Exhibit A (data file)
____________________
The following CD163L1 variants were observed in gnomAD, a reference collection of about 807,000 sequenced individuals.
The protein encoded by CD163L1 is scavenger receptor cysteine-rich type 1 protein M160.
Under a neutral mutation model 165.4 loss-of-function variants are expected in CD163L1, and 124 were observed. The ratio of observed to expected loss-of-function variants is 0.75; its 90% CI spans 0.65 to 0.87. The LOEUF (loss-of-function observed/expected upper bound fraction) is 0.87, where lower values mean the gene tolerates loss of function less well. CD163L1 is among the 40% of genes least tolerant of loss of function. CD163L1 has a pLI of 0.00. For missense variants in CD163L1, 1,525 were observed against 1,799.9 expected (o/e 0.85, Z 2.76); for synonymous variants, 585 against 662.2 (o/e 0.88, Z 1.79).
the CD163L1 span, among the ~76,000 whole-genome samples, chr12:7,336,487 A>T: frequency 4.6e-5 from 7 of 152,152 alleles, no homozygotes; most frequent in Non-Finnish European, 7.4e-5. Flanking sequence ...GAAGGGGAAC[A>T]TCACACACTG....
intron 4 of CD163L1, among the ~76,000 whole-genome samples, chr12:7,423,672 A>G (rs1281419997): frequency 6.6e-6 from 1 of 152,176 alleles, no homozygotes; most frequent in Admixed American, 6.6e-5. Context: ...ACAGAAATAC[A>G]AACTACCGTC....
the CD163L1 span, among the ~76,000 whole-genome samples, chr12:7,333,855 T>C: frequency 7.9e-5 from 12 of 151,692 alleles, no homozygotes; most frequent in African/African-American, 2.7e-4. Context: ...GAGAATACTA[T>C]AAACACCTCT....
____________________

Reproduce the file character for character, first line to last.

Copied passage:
The following CD163L1 variants were observed in gnomAD, a reference collection of about 807,000 sequenced individuals.
The protein encoded by CD163L1 is scavenger receptor cysteine-rich type 1 protein M160.
Under a neutral mutation model 165.4 loss-of-function variants are expected in CD163L1, and 124 were observed. The ratio of observed to expected loss-of-function variants is 0.75; its 90% CI spans 0.65 to 0.87. The LOEUF (loss-of-function observed/expected upper bound fraction) is 0.87, where lower values mean the gene tolerates loss of function less well. CD163L1 is among the 40% of genes least tolerant of loss of function. CD163L1 has a pLI of 0.00. For missense variants in CD163L1, 1,525 were observed against 1,799.9 expected (o/e 0.85, Z 2.76); for synonymous variants, 585 against 662.2 (o/e 0.88, Z 1.79).
the CD163L1 span, among the ~76,000 whole-genome samples, chr12:7,336,487 A>T: frequency 4.6e-5 from 7 of 152,152 alleles, no homozygotes; most frequent in Non-Finnish European, 7.4e-5. Flanking sequence ...GAAGGGGAAC[A>T]TCACACACTG....
intron 4 of CD163L1, among the ~76,000 whole-genome samples, chr12:7,423,672 A>G (rs1281419997): frequency 6.6e-6 from 1 of 152,176 alleles, no homozygotes; most frequent in Admixed American, 6.6e-5. Context: ...ACAGAAATAC[A>G]AACTACCGTC....
the CD163L1 span, among the ~76,000 whole-genome samples, chr12:7,333,855 T>C: frequency 7.9e-5 from 12 of 151,692 alleles, no homozygotes; most frequent in African/African-American, 2.7e-4. Context: ...GAGAATACTA[T>C]AAACACCTCT....